Angie: She said a year, she said, ‘Oh well we do it with children over a year, but he’s a baby he won’t, and he won’t understand the difference’.

Luke: So we went into this room with kind of, at this stage four of them and so.

Angie: In this sort of waiting room outside the theatre it’s all decorated it’s got sofas and, you know, and all the rest of it and it’s beautifully decorated ready for, you know, for you to wait for your babies operation and all the rest of it, so we’d taken him in and…

Luke: And they just said basically ‘Yes we’re not prepared for you to do that. Would you like us to cancel his operation, I mean it would take some time to reschedule, but if you want to reschedule at a later point, but no you’re not allowed to come in. Do you want us to put off his life saving operation knowing that there is a risk to his life by doing so?’ 

Angie: So yeah they basically - and you said to them, you said, ‘Well you’ve got us over a barrel haven’t you’, you know. ‘We’re obviously not able to do that and you’ve taken away all our choice and all our, you know, all our ability to parent him you just’, and they took him screaming, you know, he was screaming, you know, he obviously, he was distressed, you know, he’d been nil by mouth for some time.

Waiting during their baby’s surgery was one of the hardest parts of the whole experience for many parents. They had often been prepared for a wait of several hours – Leanne was even told it could be 24 hours. Parents had different ways of passing the hours. Many left the hospital to try and pass the time more quickly. Leanne went for a long lunch, Adam and Sonya went for a walk around the hospital grounds. Victoria went to a nearby shopping centre, “we couldn’t bear to sit at the hospital waiting, you can’t, it’s awful cos you just, you’re just sitting and waiting.”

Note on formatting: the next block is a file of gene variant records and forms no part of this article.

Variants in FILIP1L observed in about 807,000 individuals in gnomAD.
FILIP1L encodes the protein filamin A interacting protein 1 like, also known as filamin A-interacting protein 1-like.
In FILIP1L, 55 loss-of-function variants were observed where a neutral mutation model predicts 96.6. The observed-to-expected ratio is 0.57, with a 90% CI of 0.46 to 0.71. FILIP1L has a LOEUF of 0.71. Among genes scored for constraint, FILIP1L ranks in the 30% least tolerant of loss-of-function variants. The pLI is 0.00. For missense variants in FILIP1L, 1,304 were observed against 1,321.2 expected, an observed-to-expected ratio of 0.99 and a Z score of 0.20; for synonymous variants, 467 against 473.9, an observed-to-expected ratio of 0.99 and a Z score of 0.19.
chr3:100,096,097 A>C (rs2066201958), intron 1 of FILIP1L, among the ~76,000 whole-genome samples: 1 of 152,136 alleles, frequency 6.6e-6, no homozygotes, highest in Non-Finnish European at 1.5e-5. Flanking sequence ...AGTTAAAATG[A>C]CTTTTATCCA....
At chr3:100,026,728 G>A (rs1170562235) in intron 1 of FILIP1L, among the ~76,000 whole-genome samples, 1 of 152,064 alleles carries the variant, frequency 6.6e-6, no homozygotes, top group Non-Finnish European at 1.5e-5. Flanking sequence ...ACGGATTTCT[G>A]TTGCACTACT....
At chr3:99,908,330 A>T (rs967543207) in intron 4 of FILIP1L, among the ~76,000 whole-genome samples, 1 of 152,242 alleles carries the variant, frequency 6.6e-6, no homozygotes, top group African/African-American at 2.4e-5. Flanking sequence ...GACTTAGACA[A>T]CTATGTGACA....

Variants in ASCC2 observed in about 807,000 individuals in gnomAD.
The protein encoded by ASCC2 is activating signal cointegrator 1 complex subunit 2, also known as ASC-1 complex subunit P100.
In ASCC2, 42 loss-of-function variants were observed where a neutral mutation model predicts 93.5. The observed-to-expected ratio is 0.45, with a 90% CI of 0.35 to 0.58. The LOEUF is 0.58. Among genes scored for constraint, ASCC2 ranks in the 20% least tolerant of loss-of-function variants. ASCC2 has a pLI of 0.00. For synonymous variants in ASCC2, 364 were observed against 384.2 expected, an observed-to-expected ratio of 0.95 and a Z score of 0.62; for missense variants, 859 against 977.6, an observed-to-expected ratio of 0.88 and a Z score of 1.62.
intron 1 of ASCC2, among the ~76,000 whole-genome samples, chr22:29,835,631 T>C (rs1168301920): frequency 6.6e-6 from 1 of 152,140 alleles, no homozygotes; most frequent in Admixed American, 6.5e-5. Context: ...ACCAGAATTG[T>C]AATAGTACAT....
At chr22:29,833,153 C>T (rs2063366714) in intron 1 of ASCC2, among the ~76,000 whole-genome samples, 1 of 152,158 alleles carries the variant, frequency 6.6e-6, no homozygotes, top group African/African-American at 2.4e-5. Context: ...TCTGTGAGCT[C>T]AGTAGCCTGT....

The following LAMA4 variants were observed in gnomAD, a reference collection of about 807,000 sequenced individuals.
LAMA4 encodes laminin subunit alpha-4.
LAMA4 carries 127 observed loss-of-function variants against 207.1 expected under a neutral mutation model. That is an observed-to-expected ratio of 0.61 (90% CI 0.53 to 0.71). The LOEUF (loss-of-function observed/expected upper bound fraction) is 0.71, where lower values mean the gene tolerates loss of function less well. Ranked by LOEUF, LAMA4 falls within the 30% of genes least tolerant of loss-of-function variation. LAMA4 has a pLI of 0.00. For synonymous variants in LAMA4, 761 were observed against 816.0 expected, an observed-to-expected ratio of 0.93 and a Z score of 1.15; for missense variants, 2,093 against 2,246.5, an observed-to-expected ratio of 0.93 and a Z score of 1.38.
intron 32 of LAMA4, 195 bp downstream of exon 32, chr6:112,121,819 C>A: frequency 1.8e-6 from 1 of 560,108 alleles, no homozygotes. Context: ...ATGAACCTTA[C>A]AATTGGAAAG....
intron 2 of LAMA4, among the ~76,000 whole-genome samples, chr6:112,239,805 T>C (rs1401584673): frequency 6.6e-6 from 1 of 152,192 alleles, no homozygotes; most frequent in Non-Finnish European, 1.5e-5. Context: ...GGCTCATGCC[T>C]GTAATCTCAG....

Joanne phoned her parents and then went and sat in the chapel.

Joanne phoned her parents and then went and sat in the chapel.

Age at interview: 41
Age at diagnosis: 34
But at the time I think I‘d taken her in and you know, at least at that age they’re not really aware of what’s happening and obviously subsequent surgeries, you know, when you’re trying to help them accept the mask and all those sorts of things. But yes so once she was in we’d got into a pattern of sort of going to the chaplaincy in the hospital because it’s quite a sort of private space and there’s a little room where you can light candles which is quite nice considering, we’ve always thought that was quite nice considering, you know, it’s a fire risk and quite easily say no you’re not doing it and, you know, whatever, that they do allow it in there and so yes we would usually sit, you know, we’d usually phone the parents whatever say she’s gone in blah, blah, blah and go there sit there for a while, you know, and obviously you might need to go and get a cup a tea and stuff and the ward have got your number but you didn’t always get a great phone reception in parts of the hospital so you have to kind of, there’s a bit of you that’s a bit anxious that you need to stay near enough that you can be contacted if you need to be.